I dare say that the idealisation involved in telling the Biblical story was so ingrained in the literary culture of the time that the New Testament has also been subjected to a treatment which is similar. While the meaning of the story may not have been altered by the scribes who rewrote the parchment I'm inclined to suggest that it wasn't necessary anyway because the story had already been sanitised by the original writers. I suspect that if Jesus was so able to alter the reality which normal people share then it is likely that at some point he vocalised a lot of gobbledegook in order to explain it, none of which is mentioned by the New Testament writers. I would also like to be able to discredit the miracles which Jesus is supposed to have performed, mostly because they are so corny, but also because I could implicate the New Testament writers in some shabby fabrication. I have, however, personally witnessed some bizarre perceptual phenomena in my life, and Castaneda writes of one psychedelic experience after another, so I'm not in a position to suggest that the normal constraints on reality are inflexible. Jesus could have performed miracles, and the New Testament writers could be telling the truth, but I doubt that the truth was as simple as their somewhat one sided narrative has made it out to be.
So, in spite of how bitterly you may feel about people who propose such heresies, my intention has merely been to point out to you that the New Testament writers were probably fairly selective about which details they would include in their story. While Jesus may have had some real insight into the true identity of the ultimate authority on this planet, it would have been a fairly simple matter for the New Testament writers to omit anything overly critical he had to say about our relationship with this being. I therefore suggest that the New Testament was written from the point of view of the group for whom the ultimate value will always be reproduction, rather than from the point of view of a solitary individual for whom the ultimate value will be the personal transcendence of death. Had Jesus had the opportunity to personally represent his experience in the form of a permanent record which was safe from the tampering of others, then his story would quite likely have been a little more critical of the ultimate goal of families.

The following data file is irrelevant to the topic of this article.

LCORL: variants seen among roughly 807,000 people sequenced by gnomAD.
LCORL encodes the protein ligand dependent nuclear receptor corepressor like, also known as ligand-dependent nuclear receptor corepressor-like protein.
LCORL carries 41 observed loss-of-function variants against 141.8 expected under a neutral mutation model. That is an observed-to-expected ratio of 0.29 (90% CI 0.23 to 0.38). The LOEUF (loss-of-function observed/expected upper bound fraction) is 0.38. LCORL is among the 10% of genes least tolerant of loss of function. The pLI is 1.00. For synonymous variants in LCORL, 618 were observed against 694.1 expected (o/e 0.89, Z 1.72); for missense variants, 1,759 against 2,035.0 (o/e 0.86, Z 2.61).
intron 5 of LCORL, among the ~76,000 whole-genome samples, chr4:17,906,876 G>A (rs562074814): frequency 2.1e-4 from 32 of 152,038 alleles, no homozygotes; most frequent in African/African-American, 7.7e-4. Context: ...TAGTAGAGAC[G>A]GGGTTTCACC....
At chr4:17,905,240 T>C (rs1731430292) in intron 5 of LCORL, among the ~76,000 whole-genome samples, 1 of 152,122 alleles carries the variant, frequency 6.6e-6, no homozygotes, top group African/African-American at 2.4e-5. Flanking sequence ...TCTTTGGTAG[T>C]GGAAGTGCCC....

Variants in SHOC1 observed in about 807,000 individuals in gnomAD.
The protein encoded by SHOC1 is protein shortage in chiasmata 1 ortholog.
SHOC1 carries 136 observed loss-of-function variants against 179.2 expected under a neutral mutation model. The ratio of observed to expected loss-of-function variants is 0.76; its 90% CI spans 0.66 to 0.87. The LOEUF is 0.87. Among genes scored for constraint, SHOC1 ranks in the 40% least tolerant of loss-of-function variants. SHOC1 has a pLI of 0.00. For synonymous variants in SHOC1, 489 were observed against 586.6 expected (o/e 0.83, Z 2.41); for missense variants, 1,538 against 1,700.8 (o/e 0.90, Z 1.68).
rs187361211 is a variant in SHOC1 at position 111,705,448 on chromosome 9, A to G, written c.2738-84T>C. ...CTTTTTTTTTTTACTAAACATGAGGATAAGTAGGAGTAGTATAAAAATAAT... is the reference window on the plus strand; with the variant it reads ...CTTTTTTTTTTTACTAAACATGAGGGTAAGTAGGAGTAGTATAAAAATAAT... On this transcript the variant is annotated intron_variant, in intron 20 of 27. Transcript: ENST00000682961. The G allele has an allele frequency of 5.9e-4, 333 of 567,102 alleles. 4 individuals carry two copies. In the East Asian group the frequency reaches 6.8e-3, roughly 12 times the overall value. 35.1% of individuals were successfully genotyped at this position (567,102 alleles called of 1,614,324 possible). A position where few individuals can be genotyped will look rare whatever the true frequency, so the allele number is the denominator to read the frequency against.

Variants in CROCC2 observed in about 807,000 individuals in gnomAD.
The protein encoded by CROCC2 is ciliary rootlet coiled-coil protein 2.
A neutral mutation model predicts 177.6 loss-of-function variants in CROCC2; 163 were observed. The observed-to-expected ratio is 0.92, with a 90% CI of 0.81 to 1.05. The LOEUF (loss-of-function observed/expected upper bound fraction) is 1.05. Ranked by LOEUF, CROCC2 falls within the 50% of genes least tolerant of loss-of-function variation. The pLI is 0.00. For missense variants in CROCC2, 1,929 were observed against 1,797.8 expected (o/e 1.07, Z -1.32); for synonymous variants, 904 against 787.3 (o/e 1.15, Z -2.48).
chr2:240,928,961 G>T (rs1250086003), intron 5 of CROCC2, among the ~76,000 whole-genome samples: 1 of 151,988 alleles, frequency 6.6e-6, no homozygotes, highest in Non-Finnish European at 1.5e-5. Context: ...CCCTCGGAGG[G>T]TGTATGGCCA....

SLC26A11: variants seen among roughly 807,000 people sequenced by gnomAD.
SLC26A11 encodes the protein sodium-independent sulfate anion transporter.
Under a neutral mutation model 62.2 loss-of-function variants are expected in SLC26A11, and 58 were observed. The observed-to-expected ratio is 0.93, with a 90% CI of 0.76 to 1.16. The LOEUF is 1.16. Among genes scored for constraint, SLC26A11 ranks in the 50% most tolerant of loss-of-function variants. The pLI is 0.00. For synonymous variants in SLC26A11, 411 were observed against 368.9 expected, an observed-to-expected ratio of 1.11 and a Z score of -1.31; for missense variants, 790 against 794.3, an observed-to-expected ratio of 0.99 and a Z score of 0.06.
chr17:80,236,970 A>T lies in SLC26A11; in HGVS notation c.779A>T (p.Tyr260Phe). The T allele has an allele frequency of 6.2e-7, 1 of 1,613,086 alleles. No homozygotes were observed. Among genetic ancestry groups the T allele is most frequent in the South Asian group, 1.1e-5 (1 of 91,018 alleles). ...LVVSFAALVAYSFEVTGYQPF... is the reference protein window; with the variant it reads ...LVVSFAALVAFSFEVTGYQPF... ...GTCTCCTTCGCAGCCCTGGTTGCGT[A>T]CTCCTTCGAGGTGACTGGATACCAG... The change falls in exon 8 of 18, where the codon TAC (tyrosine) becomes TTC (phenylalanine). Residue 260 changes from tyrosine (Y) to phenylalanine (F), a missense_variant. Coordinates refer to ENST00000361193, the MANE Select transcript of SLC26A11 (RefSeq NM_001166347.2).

As noted earlier the relationship between the Church and the family is so close that it is not surprising to observe people believing that cherishing family values is the only service which God requires. I say this without fear of recrimination because it would appear that cherishing family values is all that people really do when they go to their Sunday morning services. They've really got no idea about God because the identity of this being is a foggy mystery as far as I can see, there's nothing physical to relate to, and so it is up to the individual to imagine just what God could be. Church goers erect a sometimes elaborate ornamental structure specifically to remove themselves from contact with the natural environment. And then they recite prayers and sing hymns which glorify a being who bears no resemblance to the planetary host who they have so carefully ejected.
Now, don't get me wrong, there are a number of things which the Church does better than any other social institution ever could. The Church is very good at doing all sorts of charitable works. It is very good at celebrating the marriage of couples, and there is no other institution that cares so much for those who have lost loved ones, and who need the sympathy of others in order to help them through their bereavement. But in my opinion you would be a lot closer to the being who hosts your very existence on this planet if you spent Sunday morning in a country paddock with a bunch of cows. The cows bear a much closer resemblance to the planetary host than any Biblical imagery you may refer to. I dare assume such a provocative stance because in my opinion the Church exists to bring to fruition only two practical consequences. The first of which is to structure parental authority within the family, and the second is to generally structure authority within society itself.
The Church is without doubt a most venerable institution in western society, and one whose authority is both revered and of lasting benefit to the welfare of the community it serves. But it is one whose thinking seems to rely on an archaic conception of our place in this world. It seems uninclined to adapt to the theoretical innovations which have shaped us over the course of the last two thousand years or so, and it seems to hesitate when challenged by history.
'For God so loved the world that he gave his only begotten Son, so that those who believe in him should not perish but have everlasting life.' This verse from the Gospel of St. John is all very poetic but it is not an analytical treatment of the relationship between life and death. There is no explanation of how one may achieve a transcendence of death, and it is typical of the sort of superficial thinking of which the New Testament abounds. Yet Church goers repeat this verse, along with countless others like it, over and over as if after the 1500th repetition it will suddenly dawn on them what the true meaning of it is. I was happy to go to Church as a child because I enjoyed the mood which my family shared on a Sunday morning, but when I became a man I couldn't believe how vacuous it all was. As far as I understand the premise for this behaviour, Church goers repeat these verses over and over in order to pass the time while they wait for their Saviour Christ to return.
Well, I hope it's not me who you are waiting for because I'm sorry, but I think I'm going to be a great disappointment to you. I'm really a very ordinary person. If you met me in the street you wouldn't give me a second glance. I don't perform miracles, and all I have to offer is a different point of view. I couldn't be Christ in any case because I'm not really a Christian. I'm an individualist, and I value a healthy environment more than a child bearing relationship with a woman. If you are one who is waiting for Christ to return, then my advice to you is to hang in there because, as you've probably noticed, it's getting pretty late in the day, and I'm sure he'll be along shortly.